Rico Pollo won't fly on Federal, but San Antonio Mexican Bakery rises above the fray
In A Federal Case, I'll be eating my way up Federal Boulevard - south to north - within Denver city limits. I'll be skipping the national chains and per-scoop Chinese joints, but otherwise I'll report from every vinyl booth, walk-up window and bar stool where food is served. Here's the report on my next stop....
For all the taquerias, pho shops, diners and loncheras that make Federal Boulevard such a rewarding food destination, Rico Pollo has never beckoned me. Chicken just isn't that interesting. Still, I will concede that when chicken is done right, if the skin is crisped or even slightly charred from the oven or grill and the juices mingle just right with the seasonings, it can be a satisfying and inexpensive meal. So that's where I set the bar when I walked in at lunchtime on a sunny Saturday. Cheap and tasty -- how hard can that be?
- Cafe Chihuahua is pregnant with possibilities
- Andy's Kitchen Asian Express is worth a risky left on Federal
- At Granny Annie, the Southern cuisine is pretty peachy
- At 4G's on Federal, the food is not the topic of conversation
I was even tempted to skip Rico Pollo and claim the "chain restaurant" defense. From what I can gather, there are at least three Rico Pollo shops in the metro area. But they don't seem to be related to restaurants with similar names in other parts of the country, so I stuck with my plan of covering local (but not national) chains: places like this one, Bubba Chinos and Jack-n-Grill. What this really means is that I'm taking one for the team here.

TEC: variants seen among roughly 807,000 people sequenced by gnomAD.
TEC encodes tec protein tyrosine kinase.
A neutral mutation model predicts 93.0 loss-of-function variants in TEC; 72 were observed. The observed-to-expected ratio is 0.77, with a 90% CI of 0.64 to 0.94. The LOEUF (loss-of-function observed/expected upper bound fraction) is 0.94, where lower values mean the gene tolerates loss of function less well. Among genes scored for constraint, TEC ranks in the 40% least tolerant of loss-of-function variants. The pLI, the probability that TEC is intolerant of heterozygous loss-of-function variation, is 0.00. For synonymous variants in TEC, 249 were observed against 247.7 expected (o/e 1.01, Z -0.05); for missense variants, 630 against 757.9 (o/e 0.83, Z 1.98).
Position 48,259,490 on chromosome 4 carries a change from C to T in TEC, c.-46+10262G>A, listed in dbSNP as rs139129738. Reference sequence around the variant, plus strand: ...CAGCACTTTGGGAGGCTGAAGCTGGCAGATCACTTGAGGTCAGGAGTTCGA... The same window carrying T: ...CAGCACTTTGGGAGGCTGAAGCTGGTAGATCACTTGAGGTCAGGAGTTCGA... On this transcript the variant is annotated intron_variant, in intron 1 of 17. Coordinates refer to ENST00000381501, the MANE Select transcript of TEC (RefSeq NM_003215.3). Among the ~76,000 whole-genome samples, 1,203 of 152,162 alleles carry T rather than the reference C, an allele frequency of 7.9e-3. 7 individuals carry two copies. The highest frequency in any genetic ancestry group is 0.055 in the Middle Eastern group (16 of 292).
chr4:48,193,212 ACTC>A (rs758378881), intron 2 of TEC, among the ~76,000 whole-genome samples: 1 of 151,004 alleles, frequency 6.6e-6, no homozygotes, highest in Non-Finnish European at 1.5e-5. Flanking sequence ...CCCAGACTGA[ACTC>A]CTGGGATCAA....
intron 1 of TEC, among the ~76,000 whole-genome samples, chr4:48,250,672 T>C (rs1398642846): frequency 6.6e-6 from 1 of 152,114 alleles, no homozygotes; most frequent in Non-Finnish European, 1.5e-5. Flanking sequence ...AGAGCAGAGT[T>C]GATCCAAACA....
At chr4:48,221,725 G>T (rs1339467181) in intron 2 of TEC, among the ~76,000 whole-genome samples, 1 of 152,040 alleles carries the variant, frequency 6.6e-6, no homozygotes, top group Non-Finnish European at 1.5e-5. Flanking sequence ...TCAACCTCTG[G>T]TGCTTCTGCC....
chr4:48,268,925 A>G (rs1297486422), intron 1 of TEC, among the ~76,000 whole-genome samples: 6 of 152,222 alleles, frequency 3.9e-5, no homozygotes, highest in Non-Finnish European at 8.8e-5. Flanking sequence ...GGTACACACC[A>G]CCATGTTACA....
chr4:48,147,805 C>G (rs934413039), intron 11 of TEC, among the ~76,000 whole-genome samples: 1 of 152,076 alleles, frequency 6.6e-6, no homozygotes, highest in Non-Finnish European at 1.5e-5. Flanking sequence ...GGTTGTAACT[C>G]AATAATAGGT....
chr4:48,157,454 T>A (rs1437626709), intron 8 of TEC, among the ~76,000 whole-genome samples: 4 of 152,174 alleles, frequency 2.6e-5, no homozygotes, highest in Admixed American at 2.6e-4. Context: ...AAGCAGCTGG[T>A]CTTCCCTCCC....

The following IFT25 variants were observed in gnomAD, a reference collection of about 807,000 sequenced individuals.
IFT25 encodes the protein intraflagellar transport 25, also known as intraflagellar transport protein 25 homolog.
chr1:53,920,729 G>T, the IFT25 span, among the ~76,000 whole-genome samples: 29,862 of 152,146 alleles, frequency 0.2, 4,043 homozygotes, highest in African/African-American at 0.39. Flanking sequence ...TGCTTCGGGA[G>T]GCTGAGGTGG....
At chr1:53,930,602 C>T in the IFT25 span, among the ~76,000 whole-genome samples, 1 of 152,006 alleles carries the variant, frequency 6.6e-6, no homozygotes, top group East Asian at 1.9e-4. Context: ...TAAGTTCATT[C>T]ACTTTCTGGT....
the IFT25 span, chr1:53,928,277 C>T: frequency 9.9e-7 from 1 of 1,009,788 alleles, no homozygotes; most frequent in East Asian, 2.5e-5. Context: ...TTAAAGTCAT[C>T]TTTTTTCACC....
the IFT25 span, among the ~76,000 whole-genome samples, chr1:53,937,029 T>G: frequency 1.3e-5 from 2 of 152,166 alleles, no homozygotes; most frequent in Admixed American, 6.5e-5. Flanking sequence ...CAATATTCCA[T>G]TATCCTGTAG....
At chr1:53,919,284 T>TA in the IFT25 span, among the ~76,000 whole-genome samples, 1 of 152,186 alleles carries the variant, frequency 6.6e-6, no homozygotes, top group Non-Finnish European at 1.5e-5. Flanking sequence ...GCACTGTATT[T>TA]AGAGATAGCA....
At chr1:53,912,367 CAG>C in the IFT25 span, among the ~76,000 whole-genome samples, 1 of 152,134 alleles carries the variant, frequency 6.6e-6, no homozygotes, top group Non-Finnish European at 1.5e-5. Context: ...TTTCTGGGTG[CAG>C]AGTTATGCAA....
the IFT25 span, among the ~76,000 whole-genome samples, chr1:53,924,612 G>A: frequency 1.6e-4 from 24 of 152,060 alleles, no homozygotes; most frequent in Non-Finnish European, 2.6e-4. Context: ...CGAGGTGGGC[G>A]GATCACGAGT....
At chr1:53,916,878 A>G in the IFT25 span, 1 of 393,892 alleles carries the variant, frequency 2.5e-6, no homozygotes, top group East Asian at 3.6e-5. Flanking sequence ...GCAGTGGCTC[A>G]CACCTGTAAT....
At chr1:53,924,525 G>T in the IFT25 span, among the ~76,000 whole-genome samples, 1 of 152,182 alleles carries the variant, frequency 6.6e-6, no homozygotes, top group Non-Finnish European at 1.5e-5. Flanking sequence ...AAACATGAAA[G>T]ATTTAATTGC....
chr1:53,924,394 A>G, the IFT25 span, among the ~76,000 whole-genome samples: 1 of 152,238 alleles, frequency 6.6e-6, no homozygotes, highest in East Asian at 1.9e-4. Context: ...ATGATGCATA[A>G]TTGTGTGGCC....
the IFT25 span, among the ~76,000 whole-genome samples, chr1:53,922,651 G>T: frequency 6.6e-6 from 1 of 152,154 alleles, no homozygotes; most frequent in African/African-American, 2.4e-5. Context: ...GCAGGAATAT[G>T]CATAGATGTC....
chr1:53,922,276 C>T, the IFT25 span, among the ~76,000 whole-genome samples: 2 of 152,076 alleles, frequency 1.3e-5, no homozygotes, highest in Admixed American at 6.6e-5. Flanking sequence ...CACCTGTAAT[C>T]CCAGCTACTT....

Entering Rico Pollo, I was greeted by a shabby interior and the strong aroma -- unsurprisingly -- of grilled chicken. I had a full view of the kitchen from the dining area, which I'm not convinced was a good idea. While I ordered my meal, several whole chickens landed with a thud on the open grill -- thrown from the open door of a walk-in cooler several feet away. I had just watched Beasts of the Southern Wild the night before, so I half-expected to hear someone shout "Feed up time! Feed up!"
Dark meat is generally moister and more flavorful than white, so I ordered the quarter-chicken dark meat combo, which came with soupy, completely unseasoned refried beans, what looked and tasted like instant rice, some steamed corn tortillas, and two pieces of marinated and grilled chicken -- a drumstick and an odd cut that was part thigh and part back.
The seasoning on the chicken was barely detectable and the grilling had not imparted any additional flavor. It was properly cooked, but rather than firm and juicy, the chicken was oily and mushy. Although a grilled green onion and whole jalapeño had been added as garnish, the plate was a sad mess.
The name of the game here is chicken, chicken and more chicken, so deep-fried flautas and smothered burritos are also available -- stuffed with, you guessed it, chicken.
So much for low expectations.